farmworkers rights

At 87, Dolores Huerta is a living civil rights icon. She has spent most of her life as a political activist, fighting for better working conditions for farmworkers and the rights of the downtrodden, a firm believer in the power of political organizing to effect change.

And yet, her role in the farmworkers movement has long been overshadowed by that of Cesar Chavez, her longtime collaborator and co-founder of what became the United Farm Workers of America union. That’s true even when it comes to credit for coining the movement’s famous slogan, Sí se puede — Spanish for “Yes, we can” — which inspired President Obama’s own campaign battle cry and has often wrongly been attributed to Chavez. (Obama acknowledged Huerta as the source of that phrase when he awarded her the Presidential Medal of Freedom in 2012. She talks about its origins below.)

Dolores, a new documentary from director Peter Bratt, aims to finally set the record straight.

Dolores Huerta: The Civil Rights Icon Who Showed Farmworkers ‘Sí Se Puede’

Photo: George Ballis//George Ballis/Take Stock/The Image Work

The Harvard Foundation has named Rihanna the 2017 Harvard University Humanitarian of the Year!

Singer to accept Harvard Foundation’s award next week


The popular singer Rihanna has been named the 2017 Harvard University Humanitarian of the Year, and will come to campus to accept the Peter J. Gomes Humanitarian Award at a ceremony next Tuesday (Feb. 28).

“Rihanna has charitably built a state-of- the-art center for oncology and nuclear medicine to diagnose and treat breast cancer at the Queen Elizabeth Hospital in Bridgetown, Barbados,” said S. Allen Counter, the Harvard Foundation’s director.

“She has also created the Clara and Lionel Foundation Scholarship Program [named for her grandmother and grandfather] for students attending college in the U.S. from Caribbean countries, and supports the Global Partnership for Education and Global Citizen Project, a multiyear campaign that will provide children with access to education in over 60 developing countries, giving priority to girls and those affected by lack of access to education in the world today.”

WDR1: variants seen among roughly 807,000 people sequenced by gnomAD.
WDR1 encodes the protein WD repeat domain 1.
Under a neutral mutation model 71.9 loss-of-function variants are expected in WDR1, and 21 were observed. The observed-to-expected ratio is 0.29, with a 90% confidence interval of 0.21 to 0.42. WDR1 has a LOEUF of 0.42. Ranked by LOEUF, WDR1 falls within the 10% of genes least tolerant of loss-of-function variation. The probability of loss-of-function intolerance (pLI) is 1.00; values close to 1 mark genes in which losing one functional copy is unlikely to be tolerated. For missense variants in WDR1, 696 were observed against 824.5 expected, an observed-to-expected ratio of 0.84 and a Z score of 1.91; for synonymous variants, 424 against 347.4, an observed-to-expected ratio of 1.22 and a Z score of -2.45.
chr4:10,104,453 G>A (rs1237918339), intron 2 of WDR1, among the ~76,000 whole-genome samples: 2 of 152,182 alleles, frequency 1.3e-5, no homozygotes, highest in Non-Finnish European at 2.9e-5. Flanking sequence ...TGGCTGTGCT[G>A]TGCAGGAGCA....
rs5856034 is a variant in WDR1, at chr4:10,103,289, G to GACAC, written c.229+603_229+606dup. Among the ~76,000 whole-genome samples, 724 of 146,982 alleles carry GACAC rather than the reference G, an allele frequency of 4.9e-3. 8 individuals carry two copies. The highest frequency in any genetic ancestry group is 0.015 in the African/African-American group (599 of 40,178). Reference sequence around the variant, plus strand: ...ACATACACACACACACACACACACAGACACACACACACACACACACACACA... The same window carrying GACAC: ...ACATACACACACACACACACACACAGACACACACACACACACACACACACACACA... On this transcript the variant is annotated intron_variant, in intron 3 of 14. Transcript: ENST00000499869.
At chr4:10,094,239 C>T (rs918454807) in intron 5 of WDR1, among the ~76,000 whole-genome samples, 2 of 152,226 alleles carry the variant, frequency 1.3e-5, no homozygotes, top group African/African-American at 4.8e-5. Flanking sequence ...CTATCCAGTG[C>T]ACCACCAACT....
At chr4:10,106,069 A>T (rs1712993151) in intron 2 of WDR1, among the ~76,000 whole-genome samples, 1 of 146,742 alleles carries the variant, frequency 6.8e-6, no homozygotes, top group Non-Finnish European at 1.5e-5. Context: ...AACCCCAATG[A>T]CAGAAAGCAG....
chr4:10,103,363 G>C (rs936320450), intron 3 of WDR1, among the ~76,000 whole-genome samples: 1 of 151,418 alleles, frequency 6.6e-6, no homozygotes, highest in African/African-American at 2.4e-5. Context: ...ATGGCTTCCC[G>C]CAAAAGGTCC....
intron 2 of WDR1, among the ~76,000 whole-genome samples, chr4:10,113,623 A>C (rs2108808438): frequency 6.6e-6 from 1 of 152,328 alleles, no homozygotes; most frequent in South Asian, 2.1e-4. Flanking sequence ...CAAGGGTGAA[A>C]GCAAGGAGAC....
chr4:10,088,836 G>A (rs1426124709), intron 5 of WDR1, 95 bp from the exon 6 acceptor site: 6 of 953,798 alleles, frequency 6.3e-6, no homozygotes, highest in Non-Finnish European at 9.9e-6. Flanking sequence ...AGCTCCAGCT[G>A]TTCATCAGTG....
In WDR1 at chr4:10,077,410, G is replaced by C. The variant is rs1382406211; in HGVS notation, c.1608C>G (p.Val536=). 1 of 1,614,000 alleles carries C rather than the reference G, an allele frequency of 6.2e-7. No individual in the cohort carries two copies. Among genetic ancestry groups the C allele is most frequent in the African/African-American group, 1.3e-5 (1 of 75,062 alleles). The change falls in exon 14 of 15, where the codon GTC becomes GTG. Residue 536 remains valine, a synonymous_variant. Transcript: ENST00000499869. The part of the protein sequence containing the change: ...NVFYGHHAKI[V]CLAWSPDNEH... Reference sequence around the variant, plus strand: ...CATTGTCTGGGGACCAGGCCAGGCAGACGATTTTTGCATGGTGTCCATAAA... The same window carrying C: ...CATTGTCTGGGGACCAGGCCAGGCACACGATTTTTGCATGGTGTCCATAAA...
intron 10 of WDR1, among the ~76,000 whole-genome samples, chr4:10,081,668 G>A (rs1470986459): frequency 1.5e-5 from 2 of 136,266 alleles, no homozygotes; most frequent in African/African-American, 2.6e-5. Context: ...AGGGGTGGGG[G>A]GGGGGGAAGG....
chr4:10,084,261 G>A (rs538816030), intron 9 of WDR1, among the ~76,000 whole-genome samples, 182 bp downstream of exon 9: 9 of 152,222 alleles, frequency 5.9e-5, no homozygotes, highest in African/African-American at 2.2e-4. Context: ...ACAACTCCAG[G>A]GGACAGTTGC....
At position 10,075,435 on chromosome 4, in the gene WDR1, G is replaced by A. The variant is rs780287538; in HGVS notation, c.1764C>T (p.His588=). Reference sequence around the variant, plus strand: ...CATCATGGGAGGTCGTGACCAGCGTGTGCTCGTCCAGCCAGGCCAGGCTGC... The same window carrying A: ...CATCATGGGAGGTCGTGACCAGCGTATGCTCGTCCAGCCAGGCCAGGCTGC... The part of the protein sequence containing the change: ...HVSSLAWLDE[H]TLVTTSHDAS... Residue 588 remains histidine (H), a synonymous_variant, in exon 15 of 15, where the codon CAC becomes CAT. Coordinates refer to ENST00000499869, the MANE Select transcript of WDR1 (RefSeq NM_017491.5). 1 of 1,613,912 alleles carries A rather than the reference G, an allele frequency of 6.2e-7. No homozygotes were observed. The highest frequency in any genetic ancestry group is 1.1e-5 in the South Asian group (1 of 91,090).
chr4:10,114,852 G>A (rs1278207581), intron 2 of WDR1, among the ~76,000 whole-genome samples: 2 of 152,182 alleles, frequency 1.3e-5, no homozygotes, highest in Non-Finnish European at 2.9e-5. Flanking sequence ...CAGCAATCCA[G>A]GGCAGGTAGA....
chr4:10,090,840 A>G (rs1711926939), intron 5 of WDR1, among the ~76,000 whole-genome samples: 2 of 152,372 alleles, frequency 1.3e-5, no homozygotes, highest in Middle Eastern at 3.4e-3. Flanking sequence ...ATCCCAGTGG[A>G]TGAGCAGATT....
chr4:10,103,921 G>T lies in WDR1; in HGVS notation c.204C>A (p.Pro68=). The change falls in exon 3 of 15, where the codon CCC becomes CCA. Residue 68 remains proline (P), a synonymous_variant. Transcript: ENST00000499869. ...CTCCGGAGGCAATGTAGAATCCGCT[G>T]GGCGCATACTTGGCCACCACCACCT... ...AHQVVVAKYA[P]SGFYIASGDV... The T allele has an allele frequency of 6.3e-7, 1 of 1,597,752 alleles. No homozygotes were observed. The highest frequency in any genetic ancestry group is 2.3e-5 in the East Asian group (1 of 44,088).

An international musical phenomenon, the Barbados-born singer, actress, and songwriter — whose full name is Robyn Rihanna Fenty — has sold more than 200 million records.

The Harvard Foundation recognizes prominent public-spirited leaders each year in honor of the late Rev. Professor Peter J. Gomes. Past honorees include physician-statistician Hans Rosling; actor James Earl Jones; Nobel Peace Prize Committee chairman Thorbjørn Jagland; U.N. Secretaries General Ban Ki-moon, Kofi Annan, Boutros Boutros-Ghali, and Javier Pérez de Cuéllar; gender rights advocate Malala Yousafzai; anti-child-labor spokesman Kailash Satyarthi; tennis player and activist Arthur Ashe; former Health and Human Services Director Louis W. Sullivan; and farmworker rights advocate Dolores Huerta.

The award will be presented at 4 p.m. at Sanders Theatre on Feb. 28. Admission is free, however, tickets are required and can be picked up at Sanders Theatre beginning at noon the day of the performance. A Harvard ID is required and tickets are limited to two per person. In-person distribution only and the tickets are valid until 3:45 p.m.

History shows a long, sorry resistance to treating farmworkers with even the most basic dignities. In July 2010, Gov. Schwarzenegger vetoed a bill to give farmworkers overtime pay after eight hours a day or 40 hours a week. This February, after lobbying from Kraft Foods, the American Meat Institute and others, the USDA withdrew a proposed rule requiring companies doing business with the agency to prove that their subcontractors–including growers–are complying with labor laws.

Can you imagine any other profession where such injustices would be allowed? We hear of the sweatshops behind our computers, sneakers and other attire–yet the exploitation of farmworkers has become normalized. Somehow food, so intrinsic to our daily lives, escapes the kind of justice we should take for granted in 2012.

Our ongoing “harvest of shame” is about more than water and shade. It is about toxic pesticide exposures that send farmworkers to the hospital–up to 20,000 are poisoned annually according to the Centers for Disease Control. It is about rock-bottom wages for back-breaking work: more than 60 percent of farmworkers live south of the poverty line.

—  Christopher Cook, “Why Are People Dying to Bring You Dinner?”